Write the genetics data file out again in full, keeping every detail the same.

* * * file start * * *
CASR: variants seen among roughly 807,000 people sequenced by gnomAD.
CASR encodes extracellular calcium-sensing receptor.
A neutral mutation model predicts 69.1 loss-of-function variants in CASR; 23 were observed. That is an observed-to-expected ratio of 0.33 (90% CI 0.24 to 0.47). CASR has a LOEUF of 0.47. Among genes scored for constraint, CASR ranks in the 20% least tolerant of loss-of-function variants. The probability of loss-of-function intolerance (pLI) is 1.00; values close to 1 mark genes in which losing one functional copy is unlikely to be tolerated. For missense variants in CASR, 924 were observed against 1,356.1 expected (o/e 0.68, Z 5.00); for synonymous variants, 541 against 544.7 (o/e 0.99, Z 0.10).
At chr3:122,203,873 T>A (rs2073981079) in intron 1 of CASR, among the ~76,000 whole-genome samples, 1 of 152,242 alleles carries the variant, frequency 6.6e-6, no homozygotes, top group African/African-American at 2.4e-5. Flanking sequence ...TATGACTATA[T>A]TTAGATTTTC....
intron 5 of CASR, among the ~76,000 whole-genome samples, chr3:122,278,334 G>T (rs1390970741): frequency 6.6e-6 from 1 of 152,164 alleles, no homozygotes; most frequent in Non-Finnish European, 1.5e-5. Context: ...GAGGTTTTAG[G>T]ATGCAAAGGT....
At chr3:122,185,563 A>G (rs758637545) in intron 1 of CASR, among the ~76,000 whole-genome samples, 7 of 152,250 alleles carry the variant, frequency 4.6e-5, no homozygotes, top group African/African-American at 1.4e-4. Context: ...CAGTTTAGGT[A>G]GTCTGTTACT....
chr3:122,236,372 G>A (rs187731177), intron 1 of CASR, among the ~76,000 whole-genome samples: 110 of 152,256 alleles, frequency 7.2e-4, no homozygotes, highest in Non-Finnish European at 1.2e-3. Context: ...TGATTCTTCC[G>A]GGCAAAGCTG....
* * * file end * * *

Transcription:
CASR: variants seen among roughly 807,000 people sequenced by gnomAD.
CASR encodes extracellular calcium-sensing receptor.
A neutral mutation model predicts 69.1 loss-of-function variants in CASR; 23 were observed. That is an observed-to-expected ratio of 0.33 (90% CI 0.24 to 0.47). CASR has a LOEUF of 0.47. Among genes scored for constraint, CASR ranks in the 20% least tolerant of loss-of-function variants. The probability of loss-of-function intolerance (pLI) is 1.00; values close to 1 mark genes in which losing one functional copy is unlikely to be tolerated. For missense variants in CASR, 924 were observed against 1,356.1 expected (o/e 0.68, Z 5.00); for synonymous variants, 541 against 544.7 (o/e 0.99, Z 0.10).
At chr3:122,203,873 T>A (rs2073981079) in intron 1 of CASR, among the ~76,000 whole-genome samples, 1 of 152,242 alleles carries the variant, frequency 6.6e-6, no homozygotes, top group African/African-American at 2.4e-5. Flanking sequence ...TATGACTATA[T>A]TTAGATTTTC....
intron 5 of CASR, among the ~76,000 whole-genome samples, chr3:122,278,334 G>T (rs1390970741): frequency 6.6e-6 from 1 of 152,164 alleles, no homozygotes; most frequent in Non-Finnish European, 1.5e-5. Context: ...GAGGTTTTAG[G>T]ATGCAAAGGT....
At chr3:122,185,563 A>G (rs758637545) in intron 1 of CASR, among the ~76,000 whole-genome samples, 7 of 152,250 alleles carry the variant, frequency 4.6e-5, no homozygotes, top group African/African-American at 1.4e-4. Context: ...CAGTTTAGGT[A>G]GTCTGTTACT....
chr3:122,236,372 G>A (rs187731177), intron 1 of CASR, among the ~76,000 whole-genome samples: 110 of 152,256 alleles, frequency 7.2e-4, no homozygotes, highest in Non-Finnish European at 1.2e-3. Context: ...TGATTCTTCC[G>A]GGCAAAGCTG....